With World War Two in full swing, the sisters are pulled apart both by choice and circumstance. Vianne’s husband is forced to go to war, and a German soldier decides to live in her home with her and her young daughter. Isabelle has joined the Resistance, which takes her back to Nazi-controlled Paris and the father she desperately ran from months earlier. Both women are in precarious, extremely dangerous situations, and the consequences for both of them will be beyond what either can imagine.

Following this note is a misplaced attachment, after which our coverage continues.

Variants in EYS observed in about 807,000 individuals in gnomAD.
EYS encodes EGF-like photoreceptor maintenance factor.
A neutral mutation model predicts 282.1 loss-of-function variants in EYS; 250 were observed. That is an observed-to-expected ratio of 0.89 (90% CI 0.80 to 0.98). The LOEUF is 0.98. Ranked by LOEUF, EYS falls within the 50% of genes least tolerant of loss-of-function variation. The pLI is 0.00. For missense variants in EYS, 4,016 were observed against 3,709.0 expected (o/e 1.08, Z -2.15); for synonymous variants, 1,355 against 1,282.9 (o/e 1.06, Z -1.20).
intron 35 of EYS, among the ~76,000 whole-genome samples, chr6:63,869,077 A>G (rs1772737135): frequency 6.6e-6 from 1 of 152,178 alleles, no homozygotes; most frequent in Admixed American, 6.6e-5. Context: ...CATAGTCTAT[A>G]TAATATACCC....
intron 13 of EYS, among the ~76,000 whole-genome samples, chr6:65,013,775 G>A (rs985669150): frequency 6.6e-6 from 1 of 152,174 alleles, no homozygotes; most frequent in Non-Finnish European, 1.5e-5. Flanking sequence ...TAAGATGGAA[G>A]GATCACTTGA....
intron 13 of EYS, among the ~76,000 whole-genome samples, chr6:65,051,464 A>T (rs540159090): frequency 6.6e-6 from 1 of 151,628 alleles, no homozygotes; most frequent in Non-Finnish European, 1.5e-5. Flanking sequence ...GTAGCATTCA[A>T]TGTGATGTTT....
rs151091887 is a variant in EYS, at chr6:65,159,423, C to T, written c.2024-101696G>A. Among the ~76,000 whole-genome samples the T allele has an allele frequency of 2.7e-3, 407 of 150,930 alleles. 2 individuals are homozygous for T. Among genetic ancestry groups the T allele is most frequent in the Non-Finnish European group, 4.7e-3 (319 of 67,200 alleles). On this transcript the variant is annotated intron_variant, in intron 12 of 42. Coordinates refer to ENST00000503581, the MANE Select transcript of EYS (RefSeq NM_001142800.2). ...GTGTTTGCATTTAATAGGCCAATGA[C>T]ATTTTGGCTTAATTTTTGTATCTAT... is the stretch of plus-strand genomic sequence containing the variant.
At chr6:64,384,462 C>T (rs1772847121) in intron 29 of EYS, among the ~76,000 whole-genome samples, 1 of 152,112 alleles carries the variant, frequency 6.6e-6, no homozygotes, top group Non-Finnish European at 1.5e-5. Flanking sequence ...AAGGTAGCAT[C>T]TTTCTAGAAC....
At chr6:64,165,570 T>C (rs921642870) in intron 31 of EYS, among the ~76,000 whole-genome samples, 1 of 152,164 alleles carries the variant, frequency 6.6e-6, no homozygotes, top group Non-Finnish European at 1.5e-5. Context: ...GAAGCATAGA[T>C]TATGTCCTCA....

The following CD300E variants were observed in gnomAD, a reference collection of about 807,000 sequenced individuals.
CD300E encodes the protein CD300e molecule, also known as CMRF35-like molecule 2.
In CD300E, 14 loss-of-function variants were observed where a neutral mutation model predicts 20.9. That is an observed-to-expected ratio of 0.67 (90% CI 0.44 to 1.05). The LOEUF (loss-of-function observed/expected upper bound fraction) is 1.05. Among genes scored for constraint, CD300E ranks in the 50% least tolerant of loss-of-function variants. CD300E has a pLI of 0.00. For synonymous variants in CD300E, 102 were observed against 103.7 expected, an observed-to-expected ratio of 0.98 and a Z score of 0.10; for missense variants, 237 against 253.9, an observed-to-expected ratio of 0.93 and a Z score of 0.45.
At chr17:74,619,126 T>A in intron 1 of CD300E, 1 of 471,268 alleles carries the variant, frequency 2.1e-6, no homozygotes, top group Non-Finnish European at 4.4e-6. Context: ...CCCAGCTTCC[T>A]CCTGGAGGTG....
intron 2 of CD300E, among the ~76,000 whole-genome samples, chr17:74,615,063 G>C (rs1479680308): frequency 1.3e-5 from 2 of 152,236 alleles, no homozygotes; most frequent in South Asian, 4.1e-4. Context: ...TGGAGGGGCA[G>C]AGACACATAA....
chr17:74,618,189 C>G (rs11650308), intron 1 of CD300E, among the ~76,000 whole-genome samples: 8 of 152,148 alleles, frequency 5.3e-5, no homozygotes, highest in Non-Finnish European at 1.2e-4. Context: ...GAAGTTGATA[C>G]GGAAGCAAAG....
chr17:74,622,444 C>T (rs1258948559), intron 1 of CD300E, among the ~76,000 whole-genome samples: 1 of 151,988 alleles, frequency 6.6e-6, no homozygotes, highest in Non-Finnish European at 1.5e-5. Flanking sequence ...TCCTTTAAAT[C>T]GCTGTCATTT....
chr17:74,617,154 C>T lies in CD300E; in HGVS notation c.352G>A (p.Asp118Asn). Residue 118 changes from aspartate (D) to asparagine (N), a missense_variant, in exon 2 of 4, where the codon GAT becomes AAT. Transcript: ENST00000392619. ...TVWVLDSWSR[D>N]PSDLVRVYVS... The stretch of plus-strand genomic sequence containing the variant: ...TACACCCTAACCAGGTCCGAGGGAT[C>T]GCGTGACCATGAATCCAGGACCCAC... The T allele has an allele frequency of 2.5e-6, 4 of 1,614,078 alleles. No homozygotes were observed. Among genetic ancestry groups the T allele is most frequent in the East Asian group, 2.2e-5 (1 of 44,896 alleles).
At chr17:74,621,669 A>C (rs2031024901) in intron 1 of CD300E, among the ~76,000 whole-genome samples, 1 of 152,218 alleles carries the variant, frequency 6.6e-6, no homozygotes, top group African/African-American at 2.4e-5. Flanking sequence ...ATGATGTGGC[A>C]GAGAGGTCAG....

Every time I think I’ve read all I can about the Second World War, another book comes along and sweeps me off my feet. In this case, The Nightingale reminded me that there will never be “too many” books about this war (or about any war), because there are an infinite number of experiences people had, and therefore an infinite number of stories to be told. In this case, I was entranced by Vianne and Isabelle and the incredible story Hannah told through these characters. This is a book about love, hope, resiliency in the face of devastating circumstances, about powerful women and about survival against all odds. This novel pulled so many emotions from me and I couldn’t put it down – I was totally swept into this story, as difficult as it was to read at times.